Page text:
Campbell Hears from Special Taxing Districts, Approves Bonds for Jail Renovation
Special taxing districts continued their annual parade before the Campbell Fiscal Court on Wednesday, as mandated by a relatively new state law.
The most notable of these agencies may have been the Campbell County Public Library which was sued by a group of Campbell County residents in 2012 who claimed that the Library had been adjusting its tax rates illegally. Campbell County Commissioner Charlie Coleman was among those who filed suit.
“Our tax rates are not exactly the same,” said Campbell County Library Director J.C. Morgan. “We are under a court order. We were sued in January of 2012 over the method by which we adjust our tax rate every year. We got a decision in March 2015 that was unanimously ruled in the Library’s favor that we were indeed doing the right thing. That decision has been appealed and is right now in the Kentucky Supreme Court. They are trying to decide if they are going to hear it; they’ve been trying to decide that since March, so hopefully they will make that decision soon.”
There are three tiers of property tax that an SPGE reports: real estate tax, personal property tax and a motor-vehicle tax. The library’s real estate will remain at 7.7 cents per $100—the same rate as 2012. For personal property, the tax rate actually went down to 9.08, and the motor vehicle tax has been unchanged since 1983 at 2.6, according to Morgan.
In his presentation, Morgan talked about the enhancements the Library has recently undergone such as the use of the lower level of the Newport Branch.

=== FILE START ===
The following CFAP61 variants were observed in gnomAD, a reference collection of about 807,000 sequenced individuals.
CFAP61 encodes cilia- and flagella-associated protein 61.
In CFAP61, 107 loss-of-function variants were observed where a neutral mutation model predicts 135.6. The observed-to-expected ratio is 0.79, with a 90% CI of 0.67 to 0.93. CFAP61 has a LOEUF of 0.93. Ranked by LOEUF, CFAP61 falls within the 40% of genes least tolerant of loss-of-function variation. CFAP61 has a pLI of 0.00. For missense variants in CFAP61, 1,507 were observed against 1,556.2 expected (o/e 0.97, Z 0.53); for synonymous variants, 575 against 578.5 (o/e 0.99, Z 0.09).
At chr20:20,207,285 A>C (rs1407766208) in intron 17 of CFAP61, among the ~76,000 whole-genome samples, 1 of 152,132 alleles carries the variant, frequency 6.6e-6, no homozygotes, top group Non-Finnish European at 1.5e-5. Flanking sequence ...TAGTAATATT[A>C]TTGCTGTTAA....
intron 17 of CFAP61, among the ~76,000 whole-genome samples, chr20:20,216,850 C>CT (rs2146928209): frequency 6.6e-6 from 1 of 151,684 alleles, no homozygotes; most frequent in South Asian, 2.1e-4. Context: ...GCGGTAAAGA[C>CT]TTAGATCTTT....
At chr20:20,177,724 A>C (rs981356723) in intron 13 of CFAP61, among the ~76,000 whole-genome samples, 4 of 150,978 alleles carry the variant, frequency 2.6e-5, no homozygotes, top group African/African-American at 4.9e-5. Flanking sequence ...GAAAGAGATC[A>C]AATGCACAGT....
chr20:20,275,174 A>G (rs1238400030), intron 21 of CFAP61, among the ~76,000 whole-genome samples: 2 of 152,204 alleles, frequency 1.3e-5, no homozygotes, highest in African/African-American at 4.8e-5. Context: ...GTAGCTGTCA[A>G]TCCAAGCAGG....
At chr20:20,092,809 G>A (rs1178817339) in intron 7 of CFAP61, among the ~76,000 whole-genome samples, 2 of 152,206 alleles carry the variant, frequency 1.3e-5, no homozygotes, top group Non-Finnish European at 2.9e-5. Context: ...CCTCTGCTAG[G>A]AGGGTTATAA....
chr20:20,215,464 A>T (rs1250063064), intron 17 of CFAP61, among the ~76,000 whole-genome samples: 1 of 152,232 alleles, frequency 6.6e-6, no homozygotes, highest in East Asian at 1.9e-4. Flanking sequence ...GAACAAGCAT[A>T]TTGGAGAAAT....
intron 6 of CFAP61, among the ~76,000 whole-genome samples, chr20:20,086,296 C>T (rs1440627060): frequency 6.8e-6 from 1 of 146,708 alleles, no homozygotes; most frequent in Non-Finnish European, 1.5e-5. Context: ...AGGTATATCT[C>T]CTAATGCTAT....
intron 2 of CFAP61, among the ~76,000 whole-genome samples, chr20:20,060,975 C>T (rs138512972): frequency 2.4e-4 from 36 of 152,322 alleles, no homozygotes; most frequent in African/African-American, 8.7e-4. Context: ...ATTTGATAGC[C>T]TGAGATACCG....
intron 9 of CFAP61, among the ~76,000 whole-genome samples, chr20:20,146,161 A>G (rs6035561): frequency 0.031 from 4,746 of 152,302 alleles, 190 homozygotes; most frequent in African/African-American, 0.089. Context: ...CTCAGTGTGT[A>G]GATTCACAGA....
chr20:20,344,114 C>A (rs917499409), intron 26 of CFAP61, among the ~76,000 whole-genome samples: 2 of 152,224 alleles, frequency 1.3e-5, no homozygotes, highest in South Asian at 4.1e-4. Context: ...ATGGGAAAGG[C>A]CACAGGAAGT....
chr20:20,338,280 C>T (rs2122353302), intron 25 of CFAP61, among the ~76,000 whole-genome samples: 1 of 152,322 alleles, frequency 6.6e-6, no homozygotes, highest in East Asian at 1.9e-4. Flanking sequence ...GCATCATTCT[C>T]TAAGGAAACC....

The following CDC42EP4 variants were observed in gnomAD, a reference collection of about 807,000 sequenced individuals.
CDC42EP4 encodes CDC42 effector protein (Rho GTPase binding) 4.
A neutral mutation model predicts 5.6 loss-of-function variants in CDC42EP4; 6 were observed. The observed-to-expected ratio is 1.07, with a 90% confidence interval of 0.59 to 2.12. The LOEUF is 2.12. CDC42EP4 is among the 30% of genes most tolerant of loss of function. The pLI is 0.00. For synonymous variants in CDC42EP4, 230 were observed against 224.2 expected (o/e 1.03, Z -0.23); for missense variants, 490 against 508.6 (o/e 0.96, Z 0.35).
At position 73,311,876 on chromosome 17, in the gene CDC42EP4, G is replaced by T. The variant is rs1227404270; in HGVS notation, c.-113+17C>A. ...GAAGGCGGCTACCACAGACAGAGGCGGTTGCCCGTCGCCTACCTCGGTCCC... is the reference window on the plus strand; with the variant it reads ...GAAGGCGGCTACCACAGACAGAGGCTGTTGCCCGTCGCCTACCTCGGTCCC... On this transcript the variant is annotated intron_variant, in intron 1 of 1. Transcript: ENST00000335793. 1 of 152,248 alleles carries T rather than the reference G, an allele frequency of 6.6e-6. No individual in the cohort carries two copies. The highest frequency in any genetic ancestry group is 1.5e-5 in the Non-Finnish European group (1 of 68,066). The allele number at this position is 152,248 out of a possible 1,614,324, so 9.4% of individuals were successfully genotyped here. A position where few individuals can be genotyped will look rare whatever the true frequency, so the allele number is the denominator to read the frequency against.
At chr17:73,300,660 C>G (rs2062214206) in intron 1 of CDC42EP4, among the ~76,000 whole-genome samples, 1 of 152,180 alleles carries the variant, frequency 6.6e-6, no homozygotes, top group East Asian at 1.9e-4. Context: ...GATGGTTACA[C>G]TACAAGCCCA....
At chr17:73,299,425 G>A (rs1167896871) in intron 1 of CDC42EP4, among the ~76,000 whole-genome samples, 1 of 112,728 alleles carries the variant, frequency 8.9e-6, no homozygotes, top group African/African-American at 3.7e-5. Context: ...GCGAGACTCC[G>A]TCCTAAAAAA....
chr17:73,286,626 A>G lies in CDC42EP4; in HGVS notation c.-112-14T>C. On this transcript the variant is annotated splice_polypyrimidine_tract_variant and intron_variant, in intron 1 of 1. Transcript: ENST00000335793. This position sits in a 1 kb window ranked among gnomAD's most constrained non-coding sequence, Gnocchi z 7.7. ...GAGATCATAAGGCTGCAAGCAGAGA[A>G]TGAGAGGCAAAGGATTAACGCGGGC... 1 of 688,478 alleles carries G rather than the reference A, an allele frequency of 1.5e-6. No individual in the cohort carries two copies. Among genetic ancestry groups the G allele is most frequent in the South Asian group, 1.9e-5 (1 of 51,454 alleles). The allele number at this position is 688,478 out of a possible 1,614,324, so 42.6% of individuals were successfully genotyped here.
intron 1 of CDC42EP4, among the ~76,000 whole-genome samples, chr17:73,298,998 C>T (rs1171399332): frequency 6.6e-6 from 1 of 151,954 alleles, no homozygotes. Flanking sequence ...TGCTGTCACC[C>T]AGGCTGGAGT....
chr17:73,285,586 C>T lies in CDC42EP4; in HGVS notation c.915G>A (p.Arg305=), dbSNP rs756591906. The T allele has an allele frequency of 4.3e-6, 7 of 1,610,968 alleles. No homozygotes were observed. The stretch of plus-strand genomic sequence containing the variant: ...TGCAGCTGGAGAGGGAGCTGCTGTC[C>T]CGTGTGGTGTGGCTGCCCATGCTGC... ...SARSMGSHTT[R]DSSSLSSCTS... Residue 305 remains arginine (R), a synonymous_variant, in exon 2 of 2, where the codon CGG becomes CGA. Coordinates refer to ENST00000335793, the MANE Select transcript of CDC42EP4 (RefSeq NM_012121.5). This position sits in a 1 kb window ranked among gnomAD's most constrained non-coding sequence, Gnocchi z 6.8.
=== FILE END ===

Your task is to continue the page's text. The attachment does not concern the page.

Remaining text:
“I’m glad to see that you’ve been able to make all of these improvements without raising taxes,” Coleman said to Morgan.
Morgan said that the Library had to spend over $170,000 out of its reserves this past fiscal year which accounts for over 10 percent of the entire reserve fund. In 2014-15, the Library reported almost $4.5 million received from Campbell County tax payers.
Another SPGE on hand was the Conservation District which protects the County’s air, water and soil. The Conservation District did not raise any of its tax rates this year. Chairman Dennis Walter said that their services in any way will not be compromised by the decision to keep the tax rates the same.
Others were the Fire District No. 1 and the Southern Campbell Fire District who both kept their rates the same as well.
The Fiscal Court applied for funds in March 2014 to go towards the A.J. Jolly Trailside Enhancement Project and was awarded $100,000 for the project. Part of the funds will go toward drainage of the bowl area in front of the Stapleton Pavilion and to install a new automatic gate for the park.
“If you were at the first music event at the park, you witnessed the need for drainage in that bowl area,” said Commissioner Tom Lampe. “So this is money that will put to great use.”
It was also agreed by the members of the Fiscal Court to authorize the issuance of the bonds necessary to pay for the renovation of the Campbell County Detention Center. The principle amount of these bonds cannot exceed $5,500,000 for the project.
The Fiscal Court also agreed to receive $20,000 from the Kentucky Transportation Cabinet’s Department of Rural and Municipal Aid fund to finish paying for the Daniels Road Bridge Project.
Alex Turner was appointed as a Grade 6 lateral-entry police officer. Commissioner Brian Painter pointed out that it was a bit unusual to have a new officer with 10 years of service credit to his name already. Police Chief Craig Sorrell explained that Turner was a Cleveland police officer who moved here with his wife so that she could set up a new church in the area. Sorrell said that the lateral moves can be advantageous for a police force because it can cut down on the amount of training by upwards of 10 months which saves the county money and also gets officers on the streets sooner.
Campbell County Planning and Zoning Director was named the 2015 Mitigation Manager of the Year by the Kentucky Association of Mitigation Managers. Commissioner Lampe explained that FEMA has a rating system and five of the nine cities that were admitted this year are from Campbell County. That accomplishment earns citizens a discount on flood insurance.
“That’s a win-win for all, and quite an accomplishment,” Lampe said of Minter’s award.
Written by Bryan Burke, associate editor